Like most, I’m still reeling from the events that happened in Paris on Friday. But, geopolitics aside, this blog isn’t about analyzing the roots of terrorism or the discussion of appropriate responses. This is a blog written by someone who writes words for other people and has a pretty decent idea of how to market ideas online. That being the case, there’s something that I want to talk about that happened on Friday from a professional sense. Because something happened in our world as web marketers – and it was appalling.
It’s indicative of the continued erosion of the value of social media as a vehicle for real engagement; of the vast number of so-called “social media experts” that have, time and time again, proven that they have no idea what social actually means.
While the human in me was recoiling in horror at what was transpiring an ocean away, the professional in me was recoiling at what I was seeing in my Twitter stream.
You see, when news breaks, Twitter is my default go-to. The media has largely proven itself to be an entertainment industry first, a money-making enterprise second, and an actual news reporting entity somewhere down around number eight or nine on the list. As such, I mostly ignore it. But the ability to get information quickly and from multiple sources simultaneously makes Twitter a no-brainer when it comes to following a breaking story.
My personal and professional streams are one and the same. The account I use to get news and information is the same account that I use to keep up with the goings-on in my industry. And, as incredible at seemed at the time, my industry just kept going on.
As Paris burned and innocent people died, so-called social media experts continued tweeting out self-serving links; links to posts they wrote, links to posts that other people wrote, links to classes they want you to sign up for, links to live video chats they’re hosting…the list goes on and on.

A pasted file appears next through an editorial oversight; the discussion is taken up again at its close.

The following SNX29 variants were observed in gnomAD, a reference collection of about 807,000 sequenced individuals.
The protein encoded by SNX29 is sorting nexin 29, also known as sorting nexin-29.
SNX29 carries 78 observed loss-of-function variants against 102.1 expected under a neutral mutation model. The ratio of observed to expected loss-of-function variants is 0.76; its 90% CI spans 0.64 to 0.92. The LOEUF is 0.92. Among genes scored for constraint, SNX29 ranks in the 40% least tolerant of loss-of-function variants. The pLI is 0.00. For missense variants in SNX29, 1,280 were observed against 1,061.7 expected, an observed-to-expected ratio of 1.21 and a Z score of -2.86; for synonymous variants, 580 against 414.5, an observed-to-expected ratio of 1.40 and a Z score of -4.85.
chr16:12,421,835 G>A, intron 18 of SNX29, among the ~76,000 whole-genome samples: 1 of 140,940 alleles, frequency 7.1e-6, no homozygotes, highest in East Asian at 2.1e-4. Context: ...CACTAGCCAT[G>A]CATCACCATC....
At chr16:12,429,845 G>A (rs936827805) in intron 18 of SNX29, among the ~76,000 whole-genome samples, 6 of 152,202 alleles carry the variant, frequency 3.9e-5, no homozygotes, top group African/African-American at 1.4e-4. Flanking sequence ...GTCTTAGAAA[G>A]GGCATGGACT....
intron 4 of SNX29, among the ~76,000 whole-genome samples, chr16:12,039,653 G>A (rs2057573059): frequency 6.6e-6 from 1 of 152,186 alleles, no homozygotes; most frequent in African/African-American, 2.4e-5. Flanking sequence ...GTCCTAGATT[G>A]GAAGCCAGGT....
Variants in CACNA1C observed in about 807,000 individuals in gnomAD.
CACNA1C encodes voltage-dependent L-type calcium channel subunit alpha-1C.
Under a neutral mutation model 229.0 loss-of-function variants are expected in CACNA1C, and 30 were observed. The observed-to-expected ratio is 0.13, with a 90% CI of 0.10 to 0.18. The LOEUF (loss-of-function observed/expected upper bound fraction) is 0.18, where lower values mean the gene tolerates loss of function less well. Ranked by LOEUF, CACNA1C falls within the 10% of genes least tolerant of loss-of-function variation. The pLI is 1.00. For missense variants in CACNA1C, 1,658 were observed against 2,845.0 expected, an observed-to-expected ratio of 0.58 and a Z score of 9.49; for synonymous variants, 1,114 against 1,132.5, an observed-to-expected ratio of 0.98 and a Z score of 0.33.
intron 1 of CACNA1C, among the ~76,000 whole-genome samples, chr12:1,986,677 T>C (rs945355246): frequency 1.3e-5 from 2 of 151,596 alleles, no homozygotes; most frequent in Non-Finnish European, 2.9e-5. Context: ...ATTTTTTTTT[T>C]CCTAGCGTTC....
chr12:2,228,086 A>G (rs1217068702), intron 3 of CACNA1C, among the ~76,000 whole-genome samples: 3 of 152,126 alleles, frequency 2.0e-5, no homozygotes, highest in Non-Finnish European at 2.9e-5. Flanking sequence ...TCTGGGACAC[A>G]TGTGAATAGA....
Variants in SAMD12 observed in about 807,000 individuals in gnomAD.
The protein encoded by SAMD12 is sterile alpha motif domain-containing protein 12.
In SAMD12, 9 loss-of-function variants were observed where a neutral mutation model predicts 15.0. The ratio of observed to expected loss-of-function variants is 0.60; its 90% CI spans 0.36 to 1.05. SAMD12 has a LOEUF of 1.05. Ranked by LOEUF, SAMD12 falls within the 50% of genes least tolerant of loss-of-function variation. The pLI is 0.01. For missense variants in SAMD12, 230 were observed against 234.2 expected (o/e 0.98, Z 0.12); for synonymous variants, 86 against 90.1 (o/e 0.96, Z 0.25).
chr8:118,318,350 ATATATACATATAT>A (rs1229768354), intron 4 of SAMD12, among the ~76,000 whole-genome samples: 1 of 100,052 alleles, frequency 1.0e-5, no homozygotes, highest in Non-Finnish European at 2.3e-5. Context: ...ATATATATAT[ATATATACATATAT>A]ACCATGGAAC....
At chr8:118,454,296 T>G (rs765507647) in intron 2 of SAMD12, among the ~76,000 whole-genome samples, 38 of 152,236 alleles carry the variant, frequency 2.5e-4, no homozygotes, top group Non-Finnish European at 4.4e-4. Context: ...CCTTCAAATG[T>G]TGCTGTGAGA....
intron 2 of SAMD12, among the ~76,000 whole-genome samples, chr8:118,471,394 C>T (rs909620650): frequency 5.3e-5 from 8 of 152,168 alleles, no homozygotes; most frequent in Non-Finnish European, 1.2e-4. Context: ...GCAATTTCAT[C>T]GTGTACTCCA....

Of course, anyone who has been online long enough knows that these people weren’t sitting in front of their TVs watching this unfold while they wrote and sent these tweets. Hell, anyone who has almost any social presence whatsoever knows that most of what you see today isn’t actually composed in real time. It’s all automated – pre-composed and calendared to go out at regular intervals to ensure that your “voice” continues to be heard, even when you’re nowhere near a computer. It’s the new way of gaining “influence” and, frankly, it sucks.
You know why it sucks? Because there’s a dirty little secret that no one wants you to know. Here it is:
If it wasn’t for automated services, most of the people who run these accounts wouldn’t have anything to say.
Look at the tweet count on some of them…most are in the high 5-figures while some have easily cleared the 100,000 tweet mark. What’s the best case scenario for a signal to noise ratio on an account that is tweeting out anywhere from two to five links per hour? Or, perhaps even more importantly – when do they have the time to read the things that they’re recommending that you go out and read yourself?
They don’t have the time because they haven’t read the links. If they had, they would never get anything done. Mathematically, there’s simply not enough time in a day.
But above and beyond all of this: regardless of your opinion of automation, the role of social media in developing influence, engagement versus broadcast, or any of the other “issues” in our industry (because “issue” seems like such an overstatement in this context), one thing has become absolutely essential to understand:
If you’re going to automate your social media presence, you pause it when the shit hits the fan.
This is the price you pay for the gift of being able to put your “influence” on auto-pilot. The thought process should, quite literally, be:
- Oh my god, this is horrible.
- I need to suspend my social media automation, now. Not in a minute or two…right fucking now.
I unfollowed a lot of people on Friday for the sole reason that, in one night, they proved to me that they didn’t know jack shit about social, empathy, or – perhaps most simply – what it means to be a human being. If they knew the first thing about any of that, they would have known that shutting down the automation of their self-serving promotion was job one. Because social is still social goddamnit. We’re still people behind these keyboards and no matter how much you want to say that times have changed and the “social mission” has changed, your stream is still you communicating to the world.
And just like the death of someone’s parent is the wrong time to ask about that five dollars they owe you, a national and global tragedy is the wrong time to tell your followers about the 67,243rd link that you think they should read.
photo: Dunce, by Gary Birnie